JEREMY WALTNER – PUBLISHER
Over the course of its nearly three-decade run, from 1993 to 2019, the Freeman Area Children’s Choir (FACC) provided a musical and theatrical opportunity and experience for 327 students from this community and the surrounding area. Among them was Menno native Amber Mehlhaf, who was involved in the FACC for four seasons — from fifth through eighth grade.
“It was a big part of my whole musical career in the sense that it made me realize that, ‘Oh, I really love singing and am good at it,’” says Amber — today Amber Bradley — who earned both a vocal performance and elementary education degree from Northwestern University following her 2006 graduation from Menno High School. “I actually remember a chapel in college where there was a children’s choir from Africa, and I was sitting next to Mark, who I was dating at the time, and saying, ‘Someday I’m going to do that. I’m going to have a children’s choir.’ And he was like, “OK, great.”
That day has arrived.
With assistance from Freeman Junior-Senior High School chorus instructor and theater teacher Iwona Lewter, Bradley, who teaches grades 5-6 at Freeman Academy, is bringing back the choir that was and still is near and dear to her heart.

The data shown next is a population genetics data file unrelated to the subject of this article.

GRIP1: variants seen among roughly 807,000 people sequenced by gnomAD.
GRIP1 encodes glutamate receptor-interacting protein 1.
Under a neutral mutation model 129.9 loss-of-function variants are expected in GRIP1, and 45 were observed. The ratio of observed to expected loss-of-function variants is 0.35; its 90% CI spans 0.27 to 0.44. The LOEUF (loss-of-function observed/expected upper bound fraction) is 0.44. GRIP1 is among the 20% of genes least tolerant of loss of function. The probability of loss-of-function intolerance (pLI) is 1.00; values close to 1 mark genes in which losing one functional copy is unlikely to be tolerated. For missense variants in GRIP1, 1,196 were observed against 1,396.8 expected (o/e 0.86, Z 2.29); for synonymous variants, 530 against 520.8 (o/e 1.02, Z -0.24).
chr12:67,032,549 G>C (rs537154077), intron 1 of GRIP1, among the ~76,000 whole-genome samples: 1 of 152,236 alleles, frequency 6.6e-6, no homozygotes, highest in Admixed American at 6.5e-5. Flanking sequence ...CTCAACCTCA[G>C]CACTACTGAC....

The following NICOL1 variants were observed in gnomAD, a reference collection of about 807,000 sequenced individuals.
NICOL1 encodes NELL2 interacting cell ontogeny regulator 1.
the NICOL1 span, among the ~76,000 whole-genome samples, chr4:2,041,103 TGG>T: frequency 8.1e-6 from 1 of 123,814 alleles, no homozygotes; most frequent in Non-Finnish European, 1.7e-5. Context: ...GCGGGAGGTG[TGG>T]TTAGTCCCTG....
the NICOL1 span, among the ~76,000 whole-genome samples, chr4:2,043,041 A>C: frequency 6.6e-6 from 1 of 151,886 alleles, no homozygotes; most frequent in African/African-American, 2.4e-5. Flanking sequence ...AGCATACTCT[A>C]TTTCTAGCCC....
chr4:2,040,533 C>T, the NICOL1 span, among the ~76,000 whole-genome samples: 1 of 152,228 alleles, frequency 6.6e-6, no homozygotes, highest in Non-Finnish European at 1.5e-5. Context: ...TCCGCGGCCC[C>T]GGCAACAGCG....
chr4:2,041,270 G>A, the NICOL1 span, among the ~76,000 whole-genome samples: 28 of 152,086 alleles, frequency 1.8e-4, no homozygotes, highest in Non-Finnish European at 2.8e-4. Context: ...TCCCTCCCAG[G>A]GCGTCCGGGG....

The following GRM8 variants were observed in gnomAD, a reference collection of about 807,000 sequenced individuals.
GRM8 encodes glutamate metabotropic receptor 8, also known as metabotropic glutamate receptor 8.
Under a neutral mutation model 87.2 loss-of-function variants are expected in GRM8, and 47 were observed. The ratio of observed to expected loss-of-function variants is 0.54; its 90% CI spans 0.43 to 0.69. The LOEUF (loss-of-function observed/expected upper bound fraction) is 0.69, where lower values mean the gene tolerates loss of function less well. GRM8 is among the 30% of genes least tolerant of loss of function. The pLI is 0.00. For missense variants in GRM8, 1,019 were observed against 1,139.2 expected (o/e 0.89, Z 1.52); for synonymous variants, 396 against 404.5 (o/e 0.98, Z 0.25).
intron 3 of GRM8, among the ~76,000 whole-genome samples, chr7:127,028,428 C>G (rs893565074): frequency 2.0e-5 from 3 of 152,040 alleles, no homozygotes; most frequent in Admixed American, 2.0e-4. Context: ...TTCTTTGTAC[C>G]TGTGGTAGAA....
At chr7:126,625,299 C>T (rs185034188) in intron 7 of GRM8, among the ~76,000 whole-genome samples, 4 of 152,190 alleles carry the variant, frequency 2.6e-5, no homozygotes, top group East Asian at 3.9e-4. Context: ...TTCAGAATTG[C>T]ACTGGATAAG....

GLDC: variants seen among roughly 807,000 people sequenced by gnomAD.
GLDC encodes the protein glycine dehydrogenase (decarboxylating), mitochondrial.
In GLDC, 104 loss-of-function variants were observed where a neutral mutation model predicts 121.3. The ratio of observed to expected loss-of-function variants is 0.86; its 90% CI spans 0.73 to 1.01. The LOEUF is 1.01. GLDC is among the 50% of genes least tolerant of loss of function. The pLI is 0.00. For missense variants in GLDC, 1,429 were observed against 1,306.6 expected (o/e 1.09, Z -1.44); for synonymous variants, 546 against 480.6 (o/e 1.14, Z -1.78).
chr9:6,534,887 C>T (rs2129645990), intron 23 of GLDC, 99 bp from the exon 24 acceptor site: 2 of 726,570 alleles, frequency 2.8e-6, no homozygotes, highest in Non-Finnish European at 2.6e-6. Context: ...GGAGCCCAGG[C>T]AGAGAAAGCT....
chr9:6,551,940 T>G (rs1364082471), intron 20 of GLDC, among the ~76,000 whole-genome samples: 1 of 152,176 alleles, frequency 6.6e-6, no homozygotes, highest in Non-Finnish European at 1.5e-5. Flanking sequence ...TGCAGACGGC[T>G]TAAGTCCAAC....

The Freeman Area Children’s Choir will begin its 29th season — and the first of a brand-new era — this fall when students in grades fourth through eighth will be invited to prepare for a Nov. 13 concert. A screening to hear the voices will be held on Aug. 20 and nine, 90-minute rehearsals will be held on Monday evenings starting the second week of September.
The concert on Sunday, Nov. 13 will be held at the Salem-Zion (North) Mennonite Church located 4 miles east of Freeman. Bradley and Lewter will then shift their focus to a FACC musical theater camp and production sometime in 2023.
There is no audition process; any and all are invited to sign up at sites.google.com/view/facchoir/home.
Those with questions can also email firstname.lastname@example.org or email@example.com.
The reestablishment of the FACC was made possible thanks to a timely confluence of events highlighted by the involvement of both Bradley and Lewter at their respective Freeman schools. Both are set to begin their fourth year teaching here.
Lewter actually had her eyes set on starting a children’s theater program and reached out to Sharon Waltner, a neighbor she had come to know.
“I thought maybe she could help me reach out to people and get this idea out there, which is when I learned that there actually was such a thing as the Freeman Area Children’s Choir,” said Lewter, noting that she also learned through that process that Bradley had interest in directing a rediscovered iteration of the choir she had been a part of. “And I thought that, maybe under the umbrella of the children’s choir, we could also do theater. You know, marry it all.”
“Over the years it has been an idea (Mark and I) have tossed around and tossed around,” Bradley said, “but it wasn’t really until Iwona showed up that we ultimately said, ‘Let’s do it.”